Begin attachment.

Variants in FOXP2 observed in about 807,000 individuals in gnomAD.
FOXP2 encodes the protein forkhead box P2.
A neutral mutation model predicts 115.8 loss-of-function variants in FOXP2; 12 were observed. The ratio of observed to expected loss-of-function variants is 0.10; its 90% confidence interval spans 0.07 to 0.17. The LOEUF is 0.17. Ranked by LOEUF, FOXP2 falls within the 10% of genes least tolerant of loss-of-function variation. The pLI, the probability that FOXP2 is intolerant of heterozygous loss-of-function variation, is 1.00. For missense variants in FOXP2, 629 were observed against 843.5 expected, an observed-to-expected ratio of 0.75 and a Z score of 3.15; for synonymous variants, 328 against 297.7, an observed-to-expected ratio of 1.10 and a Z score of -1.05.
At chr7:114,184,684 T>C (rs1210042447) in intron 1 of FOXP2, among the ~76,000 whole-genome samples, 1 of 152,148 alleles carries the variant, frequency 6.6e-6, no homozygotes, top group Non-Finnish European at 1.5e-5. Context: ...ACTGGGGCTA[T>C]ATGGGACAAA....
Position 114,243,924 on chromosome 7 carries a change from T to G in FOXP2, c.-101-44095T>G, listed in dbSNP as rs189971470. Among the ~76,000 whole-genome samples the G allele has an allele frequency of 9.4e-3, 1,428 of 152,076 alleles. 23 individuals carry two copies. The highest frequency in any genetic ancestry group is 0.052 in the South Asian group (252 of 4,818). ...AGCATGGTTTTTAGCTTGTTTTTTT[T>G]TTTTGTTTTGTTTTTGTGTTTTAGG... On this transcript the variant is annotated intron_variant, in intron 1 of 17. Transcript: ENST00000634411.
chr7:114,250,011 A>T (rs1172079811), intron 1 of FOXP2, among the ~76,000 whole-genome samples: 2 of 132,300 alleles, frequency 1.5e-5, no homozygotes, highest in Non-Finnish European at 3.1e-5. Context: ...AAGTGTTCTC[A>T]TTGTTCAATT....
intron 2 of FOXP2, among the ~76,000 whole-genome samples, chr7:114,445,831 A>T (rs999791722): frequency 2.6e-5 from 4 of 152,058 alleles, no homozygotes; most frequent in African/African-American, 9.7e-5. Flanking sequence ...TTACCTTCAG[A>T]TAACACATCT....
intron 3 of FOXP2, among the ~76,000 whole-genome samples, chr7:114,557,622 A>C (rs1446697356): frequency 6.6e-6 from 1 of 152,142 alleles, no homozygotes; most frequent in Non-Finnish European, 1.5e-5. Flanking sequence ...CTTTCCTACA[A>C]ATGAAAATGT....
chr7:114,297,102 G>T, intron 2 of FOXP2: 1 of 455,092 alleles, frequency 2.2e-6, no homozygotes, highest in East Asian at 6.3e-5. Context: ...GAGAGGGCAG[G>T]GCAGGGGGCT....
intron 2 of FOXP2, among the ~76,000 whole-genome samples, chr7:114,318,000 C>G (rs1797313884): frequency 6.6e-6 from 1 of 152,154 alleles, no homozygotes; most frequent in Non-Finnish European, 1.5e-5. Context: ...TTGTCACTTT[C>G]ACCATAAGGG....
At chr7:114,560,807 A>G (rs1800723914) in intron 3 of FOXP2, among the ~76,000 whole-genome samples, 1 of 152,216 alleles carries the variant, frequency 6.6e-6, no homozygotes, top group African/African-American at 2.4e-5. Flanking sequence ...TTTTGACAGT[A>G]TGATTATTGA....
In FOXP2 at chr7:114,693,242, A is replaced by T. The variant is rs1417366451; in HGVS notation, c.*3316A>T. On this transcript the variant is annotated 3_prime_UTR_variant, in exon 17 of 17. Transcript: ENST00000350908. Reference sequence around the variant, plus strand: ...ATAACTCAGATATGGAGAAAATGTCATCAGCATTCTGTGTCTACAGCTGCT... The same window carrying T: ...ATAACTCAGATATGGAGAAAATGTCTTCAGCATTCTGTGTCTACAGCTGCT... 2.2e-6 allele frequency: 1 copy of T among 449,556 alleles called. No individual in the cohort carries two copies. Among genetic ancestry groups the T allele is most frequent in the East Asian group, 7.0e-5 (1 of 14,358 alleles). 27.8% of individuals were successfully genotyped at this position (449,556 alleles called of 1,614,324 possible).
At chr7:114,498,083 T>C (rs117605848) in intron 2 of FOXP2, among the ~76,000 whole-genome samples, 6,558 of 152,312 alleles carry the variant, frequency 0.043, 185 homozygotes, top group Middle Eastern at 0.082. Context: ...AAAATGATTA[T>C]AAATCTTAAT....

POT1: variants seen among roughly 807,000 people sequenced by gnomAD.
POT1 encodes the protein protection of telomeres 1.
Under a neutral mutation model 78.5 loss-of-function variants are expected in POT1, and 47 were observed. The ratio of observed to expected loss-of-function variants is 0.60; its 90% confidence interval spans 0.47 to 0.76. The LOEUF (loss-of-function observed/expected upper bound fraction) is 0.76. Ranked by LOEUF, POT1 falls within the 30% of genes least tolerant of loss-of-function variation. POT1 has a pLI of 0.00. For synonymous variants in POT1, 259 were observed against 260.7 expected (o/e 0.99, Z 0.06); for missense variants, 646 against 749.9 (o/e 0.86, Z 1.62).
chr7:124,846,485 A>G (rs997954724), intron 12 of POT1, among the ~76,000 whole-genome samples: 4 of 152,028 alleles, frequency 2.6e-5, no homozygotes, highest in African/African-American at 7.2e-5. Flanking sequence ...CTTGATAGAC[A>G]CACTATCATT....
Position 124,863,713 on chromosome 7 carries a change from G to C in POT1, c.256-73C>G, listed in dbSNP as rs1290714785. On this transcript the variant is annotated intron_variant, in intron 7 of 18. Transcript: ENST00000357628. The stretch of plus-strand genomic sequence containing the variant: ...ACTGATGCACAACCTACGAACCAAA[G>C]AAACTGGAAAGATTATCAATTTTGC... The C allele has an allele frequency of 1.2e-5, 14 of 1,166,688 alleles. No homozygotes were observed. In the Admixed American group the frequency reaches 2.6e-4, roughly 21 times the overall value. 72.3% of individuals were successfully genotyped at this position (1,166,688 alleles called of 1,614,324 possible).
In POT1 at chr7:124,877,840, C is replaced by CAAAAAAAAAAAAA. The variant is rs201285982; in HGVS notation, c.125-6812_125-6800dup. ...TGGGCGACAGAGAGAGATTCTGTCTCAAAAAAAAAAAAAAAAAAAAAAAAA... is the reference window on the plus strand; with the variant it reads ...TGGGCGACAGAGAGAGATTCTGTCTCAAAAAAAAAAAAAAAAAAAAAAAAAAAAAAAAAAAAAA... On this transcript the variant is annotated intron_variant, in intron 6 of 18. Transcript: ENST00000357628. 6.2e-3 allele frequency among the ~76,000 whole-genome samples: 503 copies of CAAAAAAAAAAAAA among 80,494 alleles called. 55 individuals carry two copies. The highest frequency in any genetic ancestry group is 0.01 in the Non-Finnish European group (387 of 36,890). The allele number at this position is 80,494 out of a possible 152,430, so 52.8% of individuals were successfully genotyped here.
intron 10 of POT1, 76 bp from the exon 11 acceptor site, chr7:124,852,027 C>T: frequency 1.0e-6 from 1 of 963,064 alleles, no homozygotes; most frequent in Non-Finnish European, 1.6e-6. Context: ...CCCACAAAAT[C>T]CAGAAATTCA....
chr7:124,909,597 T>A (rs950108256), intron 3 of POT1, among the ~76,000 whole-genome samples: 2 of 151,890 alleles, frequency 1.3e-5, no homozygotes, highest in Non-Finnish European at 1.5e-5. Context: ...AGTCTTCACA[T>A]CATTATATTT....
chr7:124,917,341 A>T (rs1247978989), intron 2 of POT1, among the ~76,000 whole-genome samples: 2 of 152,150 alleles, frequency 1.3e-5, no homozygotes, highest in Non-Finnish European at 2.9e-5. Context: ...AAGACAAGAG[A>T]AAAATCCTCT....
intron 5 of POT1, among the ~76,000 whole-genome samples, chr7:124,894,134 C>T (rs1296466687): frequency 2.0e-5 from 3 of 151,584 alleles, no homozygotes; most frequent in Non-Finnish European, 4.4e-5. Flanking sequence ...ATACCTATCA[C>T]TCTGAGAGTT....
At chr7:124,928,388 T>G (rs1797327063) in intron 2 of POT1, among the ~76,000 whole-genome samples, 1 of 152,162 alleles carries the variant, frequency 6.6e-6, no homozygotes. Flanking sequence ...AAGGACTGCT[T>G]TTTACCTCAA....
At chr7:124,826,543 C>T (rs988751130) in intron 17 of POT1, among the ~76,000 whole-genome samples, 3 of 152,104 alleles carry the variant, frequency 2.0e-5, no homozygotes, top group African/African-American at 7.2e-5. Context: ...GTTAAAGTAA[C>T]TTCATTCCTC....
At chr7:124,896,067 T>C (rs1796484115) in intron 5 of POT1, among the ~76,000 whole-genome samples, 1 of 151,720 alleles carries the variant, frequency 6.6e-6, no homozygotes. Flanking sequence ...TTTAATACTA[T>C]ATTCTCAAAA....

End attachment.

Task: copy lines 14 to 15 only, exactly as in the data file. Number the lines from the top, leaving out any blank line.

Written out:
POT1: variants seen among roughly 807,000 people sequenced by gnomAD.
POT1 encodes the protein protection of telomeres 1.